HUNT: This whole concept of aversive conditioning and repellents and deterrents works on the premise that bears have evolved a social hierarchy where the most dominant bears get to go where they want when they want and the less dominant bears have to work around that. And so I figured that we could find things that would make us, the humans, the big bear, that our places and where we are could be places that bears would learn you don't go to.

WHITE: Each night Hunt runs the dogs through the campground with help from an off-duty ranger and the volunteer campground host.

HUNT: Jim, you want to go on up, like, through group? Maybe we'll -- and then up in the horse cabin?

JIM: Yeah, because --

WHITE: It doesn't take long for the dogs to find the trail of a bear. They strain at their leashes, circling through campsites with surprised campers cheering the chase.

(Panting dogs, ambient voices)

WHITE: Then the runners catch sight of the blue shine of a bear's eyes in their flashlights as it turns to look at them. The bear is a small tan-colored adult. It bolts up a tree and the dogs surround the base.

(Hunt: "Good! Good!" Dogs bark. "Good dog!")

WHITE: Hunt pulls the dogs back and waits.

HUNT: I know. I know.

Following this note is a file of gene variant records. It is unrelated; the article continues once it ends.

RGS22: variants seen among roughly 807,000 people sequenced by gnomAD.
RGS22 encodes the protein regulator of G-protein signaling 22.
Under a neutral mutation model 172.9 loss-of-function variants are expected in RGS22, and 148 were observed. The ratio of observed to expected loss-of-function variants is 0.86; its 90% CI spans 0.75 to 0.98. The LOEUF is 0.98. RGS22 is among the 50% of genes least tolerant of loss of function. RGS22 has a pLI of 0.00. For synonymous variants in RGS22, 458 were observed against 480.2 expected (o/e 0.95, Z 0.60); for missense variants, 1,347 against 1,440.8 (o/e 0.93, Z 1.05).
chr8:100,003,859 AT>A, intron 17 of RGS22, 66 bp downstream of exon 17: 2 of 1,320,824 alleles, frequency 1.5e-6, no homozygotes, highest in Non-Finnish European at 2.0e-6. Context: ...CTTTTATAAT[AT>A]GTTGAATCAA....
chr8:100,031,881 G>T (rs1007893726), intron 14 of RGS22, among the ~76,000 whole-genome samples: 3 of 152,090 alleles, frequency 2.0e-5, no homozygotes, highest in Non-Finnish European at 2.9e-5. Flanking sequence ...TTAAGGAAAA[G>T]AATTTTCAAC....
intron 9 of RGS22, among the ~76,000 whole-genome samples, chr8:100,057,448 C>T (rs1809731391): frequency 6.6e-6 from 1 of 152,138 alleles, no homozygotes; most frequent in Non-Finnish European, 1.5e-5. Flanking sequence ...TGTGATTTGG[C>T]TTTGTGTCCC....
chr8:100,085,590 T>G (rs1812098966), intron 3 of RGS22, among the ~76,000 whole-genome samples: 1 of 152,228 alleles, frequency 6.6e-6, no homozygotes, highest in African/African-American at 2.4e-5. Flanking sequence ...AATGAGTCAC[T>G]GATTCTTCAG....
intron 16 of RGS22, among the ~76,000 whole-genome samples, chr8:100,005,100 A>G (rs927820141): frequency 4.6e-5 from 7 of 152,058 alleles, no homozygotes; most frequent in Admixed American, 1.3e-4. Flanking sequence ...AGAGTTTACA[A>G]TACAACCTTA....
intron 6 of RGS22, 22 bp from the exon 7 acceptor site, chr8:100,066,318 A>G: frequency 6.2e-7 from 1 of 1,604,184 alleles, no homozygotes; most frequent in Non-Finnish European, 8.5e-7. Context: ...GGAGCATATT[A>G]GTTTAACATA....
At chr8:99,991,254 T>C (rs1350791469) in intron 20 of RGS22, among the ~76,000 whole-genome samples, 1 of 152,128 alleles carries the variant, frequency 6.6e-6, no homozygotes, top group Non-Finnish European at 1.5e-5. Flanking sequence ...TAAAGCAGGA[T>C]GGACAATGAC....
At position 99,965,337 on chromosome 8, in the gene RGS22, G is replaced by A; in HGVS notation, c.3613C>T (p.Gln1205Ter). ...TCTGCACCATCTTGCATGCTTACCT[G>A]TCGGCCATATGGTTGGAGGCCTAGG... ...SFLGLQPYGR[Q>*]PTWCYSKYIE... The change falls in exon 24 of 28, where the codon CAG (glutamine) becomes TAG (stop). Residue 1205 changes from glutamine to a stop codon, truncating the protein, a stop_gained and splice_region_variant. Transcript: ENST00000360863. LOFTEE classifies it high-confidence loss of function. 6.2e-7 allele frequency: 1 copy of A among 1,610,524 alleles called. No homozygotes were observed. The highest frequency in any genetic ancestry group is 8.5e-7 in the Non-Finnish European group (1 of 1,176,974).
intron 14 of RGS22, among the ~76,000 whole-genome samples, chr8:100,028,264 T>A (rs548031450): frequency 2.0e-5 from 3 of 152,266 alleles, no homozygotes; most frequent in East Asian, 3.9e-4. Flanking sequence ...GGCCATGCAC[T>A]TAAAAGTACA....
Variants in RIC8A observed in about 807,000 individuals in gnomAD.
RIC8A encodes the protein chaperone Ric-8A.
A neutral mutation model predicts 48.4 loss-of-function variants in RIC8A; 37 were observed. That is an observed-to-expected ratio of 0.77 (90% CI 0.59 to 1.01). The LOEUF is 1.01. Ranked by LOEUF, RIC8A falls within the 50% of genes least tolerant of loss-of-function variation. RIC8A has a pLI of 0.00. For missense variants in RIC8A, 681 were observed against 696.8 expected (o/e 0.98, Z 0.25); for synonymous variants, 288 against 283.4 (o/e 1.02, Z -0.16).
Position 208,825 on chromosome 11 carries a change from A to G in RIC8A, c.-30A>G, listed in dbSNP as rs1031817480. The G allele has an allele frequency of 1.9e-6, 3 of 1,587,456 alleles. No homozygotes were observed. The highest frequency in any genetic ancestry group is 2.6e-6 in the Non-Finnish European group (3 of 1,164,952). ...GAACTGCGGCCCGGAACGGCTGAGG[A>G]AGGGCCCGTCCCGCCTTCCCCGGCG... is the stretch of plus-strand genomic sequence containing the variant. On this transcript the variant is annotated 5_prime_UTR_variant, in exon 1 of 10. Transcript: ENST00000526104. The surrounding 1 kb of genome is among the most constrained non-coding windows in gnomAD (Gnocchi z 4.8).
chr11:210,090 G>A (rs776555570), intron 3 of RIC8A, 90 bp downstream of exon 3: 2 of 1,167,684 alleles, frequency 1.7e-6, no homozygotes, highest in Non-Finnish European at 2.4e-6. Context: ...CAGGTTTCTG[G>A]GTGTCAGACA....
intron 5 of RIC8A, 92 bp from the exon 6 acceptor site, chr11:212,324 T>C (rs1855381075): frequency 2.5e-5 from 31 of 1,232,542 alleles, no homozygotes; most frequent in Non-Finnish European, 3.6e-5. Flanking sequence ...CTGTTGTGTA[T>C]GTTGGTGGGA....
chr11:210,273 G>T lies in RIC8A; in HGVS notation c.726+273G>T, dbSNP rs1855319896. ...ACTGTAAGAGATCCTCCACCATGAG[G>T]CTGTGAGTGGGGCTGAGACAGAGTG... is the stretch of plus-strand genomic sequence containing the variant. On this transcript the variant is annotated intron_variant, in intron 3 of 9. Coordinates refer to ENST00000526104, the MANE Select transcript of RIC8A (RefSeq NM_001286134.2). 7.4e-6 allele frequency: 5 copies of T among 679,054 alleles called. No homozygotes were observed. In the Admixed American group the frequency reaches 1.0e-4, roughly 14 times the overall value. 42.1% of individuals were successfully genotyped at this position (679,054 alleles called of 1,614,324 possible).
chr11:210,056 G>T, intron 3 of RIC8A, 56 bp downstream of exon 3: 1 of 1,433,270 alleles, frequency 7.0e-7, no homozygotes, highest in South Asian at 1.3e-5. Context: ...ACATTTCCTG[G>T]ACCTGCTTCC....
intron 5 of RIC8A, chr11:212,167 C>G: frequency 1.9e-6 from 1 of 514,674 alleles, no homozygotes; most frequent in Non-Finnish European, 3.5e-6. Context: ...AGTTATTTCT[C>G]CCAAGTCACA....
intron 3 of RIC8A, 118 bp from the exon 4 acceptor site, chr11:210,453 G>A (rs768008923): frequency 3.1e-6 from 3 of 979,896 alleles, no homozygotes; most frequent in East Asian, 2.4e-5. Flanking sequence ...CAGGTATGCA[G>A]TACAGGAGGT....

(Dogs pant)

HUNT: Same bear. She came right back into where she'd just gotten food before we spooked her out. And so the important thing is to, you know, get her -- I mean the best thing we could do tonight is to get her every time she comes in, so that she learns that she's going to be hassled every time she comes into the campground.

JIM: Right.

(Dogs pant)

WHITE: The bear appears content to spend the night in the tree, so after waiting Hunt moves the dogs on to chase another bear out of the campground. Hunt says she'd like to step up her aversive conditioning by using rubber bullets to teach bears a more painful lesson. Rubber bullets haven't been authorized by the park and using them may seem cruel, but biologist Steve Thompson, who oversees the bear dog program, says the park has to kill up to 4 bears a year because they grow too aggressive with campers.

THOMPSON: Our goal is not to keep the bears happy. Our goal is to keep them natural. I'm sure that a bear that has his head in an ice chest is a happy bear, but yet that's a bear that's on the road to destruction. So when we are chasing him out of the campgrounds, when we're removing unnatural human food sources, when we're hitting him with rubber bullets, that bear immediately is an unhappy bear, but ultimately it's a bear that's going to live longer than one that's foraging in a campground and isn't being kept from doing that.

WHITE: According to Thompson the bear dog program saved three bears' lives this year. A sow with two cubs was becoming so aggressive that all three were destined to be killed by lethal injection. Due to the dogs the bear has become more intimidated and the family's had a reprieve. The bear dog program is also a huge success with the public. Thompson expects that if funds can be found it will be extended next year into other regions of the park. For Living on Earth I'm Robin White at Yosemite National Park.

CHILD: He stand on the table.

MAN: Really. This table here?

WOMAN: Yep.

MAN: Wow, the bear stood on the table. Wow.

CHILD: And he ate a carrot.